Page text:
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Old 03-02-2007, 09:11 PM
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Quote:
Originally Posted by iDiaz View Post
First thing's first, ease back on the swaybar. It's a crutch for what's lacking in the rest of your setup, and having your swaybar set that aggressively without focusing on the suspension as an entire system can have some dire consequences if you're not careful. Next up, focus on getting your car aligned properly. The setup you have might look cool and feel nice and tight, but it's probably really far off from optimal.

Most likely, the reason you're experiencing enough understeer to need to set your swaybar to full stiff is that you're lacking any means of adjusting camber up front. As others have said in this thread, get some front camber plates installed. I'm running the RDR/Helix, and I love 'em.

For the rear, you didn't mention having adjustable lower control arms, so you'll need these to bring your rear camber back to a more reasonable setting. I have the Ireland Engineering arms, and they've held up really well so far. You probably have excessive rear camber right now, which only exacerbates the understeering issue by making the rear-end grip a bit more tenaciously.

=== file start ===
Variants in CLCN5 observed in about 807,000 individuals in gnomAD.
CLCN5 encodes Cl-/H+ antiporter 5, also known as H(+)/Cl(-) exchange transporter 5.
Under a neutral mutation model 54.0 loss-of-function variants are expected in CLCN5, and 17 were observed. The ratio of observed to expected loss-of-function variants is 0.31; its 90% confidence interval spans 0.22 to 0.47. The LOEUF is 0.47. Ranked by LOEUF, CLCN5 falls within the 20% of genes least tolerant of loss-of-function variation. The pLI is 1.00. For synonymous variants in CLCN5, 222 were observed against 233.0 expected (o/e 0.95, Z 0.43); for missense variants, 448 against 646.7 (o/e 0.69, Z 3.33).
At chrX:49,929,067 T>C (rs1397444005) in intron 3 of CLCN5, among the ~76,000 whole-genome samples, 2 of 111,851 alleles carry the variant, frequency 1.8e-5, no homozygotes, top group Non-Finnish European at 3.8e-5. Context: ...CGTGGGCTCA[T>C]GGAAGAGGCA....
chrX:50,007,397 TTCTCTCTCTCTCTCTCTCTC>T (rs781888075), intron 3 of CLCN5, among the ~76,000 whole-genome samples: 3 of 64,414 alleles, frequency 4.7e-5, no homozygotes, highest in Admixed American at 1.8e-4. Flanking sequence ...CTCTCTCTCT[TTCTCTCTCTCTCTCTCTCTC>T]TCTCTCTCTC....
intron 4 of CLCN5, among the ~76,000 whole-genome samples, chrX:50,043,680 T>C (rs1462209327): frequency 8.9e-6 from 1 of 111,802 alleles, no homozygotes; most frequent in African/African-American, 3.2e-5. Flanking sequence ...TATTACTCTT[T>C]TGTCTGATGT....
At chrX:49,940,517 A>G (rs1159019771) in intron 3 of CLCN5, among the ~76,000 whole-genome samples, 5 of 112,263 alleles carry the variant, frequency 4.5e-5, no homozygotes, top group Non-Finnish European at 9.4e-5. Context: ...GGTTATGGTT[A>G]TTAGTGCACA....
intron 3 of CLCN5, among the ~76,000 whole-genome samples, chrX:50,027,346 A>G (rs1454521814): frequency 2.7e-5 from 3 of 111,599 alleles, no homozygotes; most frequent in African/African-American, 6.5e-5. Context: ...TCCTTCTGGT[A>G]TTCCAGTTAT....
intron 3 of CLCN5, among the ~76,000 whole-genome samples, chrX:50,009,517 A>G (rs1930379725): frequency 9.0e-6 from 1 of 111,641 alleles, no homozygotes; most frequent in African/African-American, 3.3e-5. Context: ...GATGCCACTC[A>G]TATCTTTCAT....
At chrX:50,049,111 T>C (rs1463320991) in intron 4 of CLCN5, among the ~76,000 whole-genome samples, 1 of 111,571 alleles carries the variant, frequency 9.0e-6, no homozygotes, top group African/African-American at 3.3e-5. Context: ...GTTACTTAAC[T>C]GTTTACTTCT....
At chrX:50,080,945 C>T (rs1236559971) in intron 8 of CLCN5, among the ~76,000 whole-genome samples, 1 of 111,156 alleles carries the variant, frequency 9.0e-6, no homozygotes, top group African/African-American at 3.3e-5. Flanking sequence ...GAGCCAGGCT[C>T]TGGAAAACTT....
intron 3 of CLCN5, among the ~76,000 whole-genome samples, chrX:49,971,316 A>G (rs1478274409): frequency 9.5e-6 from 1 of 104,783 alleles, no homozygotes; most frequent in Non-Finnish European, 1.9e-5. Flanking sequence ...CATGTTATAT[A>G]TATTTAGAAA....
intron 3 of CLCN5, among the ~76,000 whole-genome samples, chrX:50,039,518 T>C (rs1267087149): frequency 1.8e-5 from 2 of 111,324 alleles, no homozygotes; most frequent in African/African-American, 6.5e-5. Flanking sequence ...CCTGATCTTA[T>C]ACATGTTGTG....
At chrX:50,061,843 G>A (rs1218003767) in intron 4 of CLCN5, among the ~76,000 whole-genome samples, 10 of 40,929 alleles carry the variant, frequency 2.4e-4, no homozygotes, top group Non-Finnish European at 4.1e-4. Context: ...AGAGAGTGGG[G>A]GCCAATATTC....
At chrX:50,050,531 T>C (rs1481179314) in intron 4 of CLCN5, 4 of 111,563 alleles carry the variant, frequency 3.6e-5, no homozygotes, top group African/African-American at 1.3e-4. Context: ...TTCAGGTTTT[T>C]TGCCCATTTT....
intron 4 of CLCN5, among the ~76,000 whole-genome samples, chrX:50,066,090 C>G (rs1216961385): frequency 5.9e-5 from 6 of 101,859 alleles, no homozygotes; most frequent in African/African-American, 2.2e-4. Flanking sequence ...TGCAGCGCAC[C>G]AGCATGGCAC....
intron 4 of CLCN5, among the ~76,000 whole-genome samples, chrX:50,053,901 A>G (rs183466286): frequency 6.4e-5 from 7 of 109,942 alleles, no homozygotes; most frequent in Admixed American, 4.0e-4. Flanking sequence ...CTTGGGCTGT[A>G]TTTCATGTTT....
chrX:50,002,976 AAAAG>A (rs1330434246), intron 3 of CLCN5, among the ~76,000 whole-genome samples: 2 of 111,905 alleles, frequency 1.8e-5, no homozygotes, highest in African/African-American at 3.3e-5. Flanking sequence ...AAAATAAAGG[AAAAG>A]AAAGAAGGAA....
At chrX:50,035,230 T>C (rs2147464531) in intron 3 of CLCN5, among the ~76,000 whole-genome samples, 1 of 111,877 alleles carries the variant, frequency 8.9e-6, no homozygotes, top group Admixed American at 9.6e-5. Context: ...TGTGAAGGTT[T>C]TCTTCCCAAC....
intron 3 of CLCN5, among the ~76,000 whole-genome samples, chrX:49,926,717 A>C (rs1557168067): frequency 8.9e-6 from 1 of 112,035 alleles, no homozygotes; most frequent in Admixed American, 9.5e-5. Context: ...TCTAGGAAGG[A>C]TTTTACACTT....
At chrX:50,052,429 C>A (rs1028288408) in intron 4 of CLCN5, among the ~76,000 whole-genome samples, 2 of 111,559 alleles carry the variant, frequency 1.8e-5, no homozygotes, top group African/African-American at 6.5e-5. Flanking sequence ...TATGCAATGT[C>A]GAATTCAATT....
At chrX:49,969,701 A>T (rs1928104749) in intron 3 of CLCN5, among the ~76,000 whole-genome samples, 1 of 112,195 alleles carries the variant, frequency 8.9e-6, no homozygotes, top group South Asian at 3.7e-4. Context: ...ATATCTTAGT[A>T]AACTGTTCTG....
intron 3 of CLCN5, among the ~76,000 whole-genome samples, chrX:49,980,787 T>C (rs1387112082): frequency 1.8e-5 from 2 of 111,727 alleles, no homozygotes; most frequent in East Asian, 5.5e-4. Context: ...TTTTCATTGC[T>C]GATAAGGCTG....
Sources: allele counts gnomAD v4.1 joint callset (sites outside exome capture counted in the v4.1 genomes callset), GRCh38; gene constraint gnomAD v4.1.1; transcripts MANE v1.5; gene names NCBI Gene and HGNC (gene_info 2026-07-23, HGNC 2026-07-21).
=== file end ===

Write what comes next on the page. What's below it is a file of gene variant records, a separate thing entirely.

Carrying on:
Once you've got those parts installed, get an alignment from a reputable performance shop. For starters, I would go with this setup for touge, for 17" wheels with 40-45 series tires:

Front:
Toe: 1/16 out (total)
Camber: -2.0 degrees

Rear:
Toe: 1/16 toe-in (total)
Camber: -1.75 degrees

Now that I mentioned it, what wheel and tire combo are you running? You'll have different alignment requirements depending on what tires you're using, as sidewall flex and available contact patch alter the optimal camber setting.

Regarding toe, there are more aggressive settings you could use, but I wouldn't advise it if you want to get decent mileage out of your tires, and maintain stability under braking and at highway speeds.

You'll be blown away by how much that -2 degrees of negative camber up front will help you out in the tightest corners. Your current setup probably starts understeering pretty easily no matter what you do in a tight corner, since you're basically just riding on the outside shoulder of the tire. Negative camber will allow you to use the entire contact patch, dialing out a ton of understeer in the tight stuff.

Once your alignment is set up properly, you can use that swaybar to fine-tune it to your driving style.

and thanks alot for this! very insightful. also, what is the ireland engeneering website? Ive looked but cant find it.. I was looking at the NON-adjustable front camber plates for price issues.. but I lost all my bookmarks
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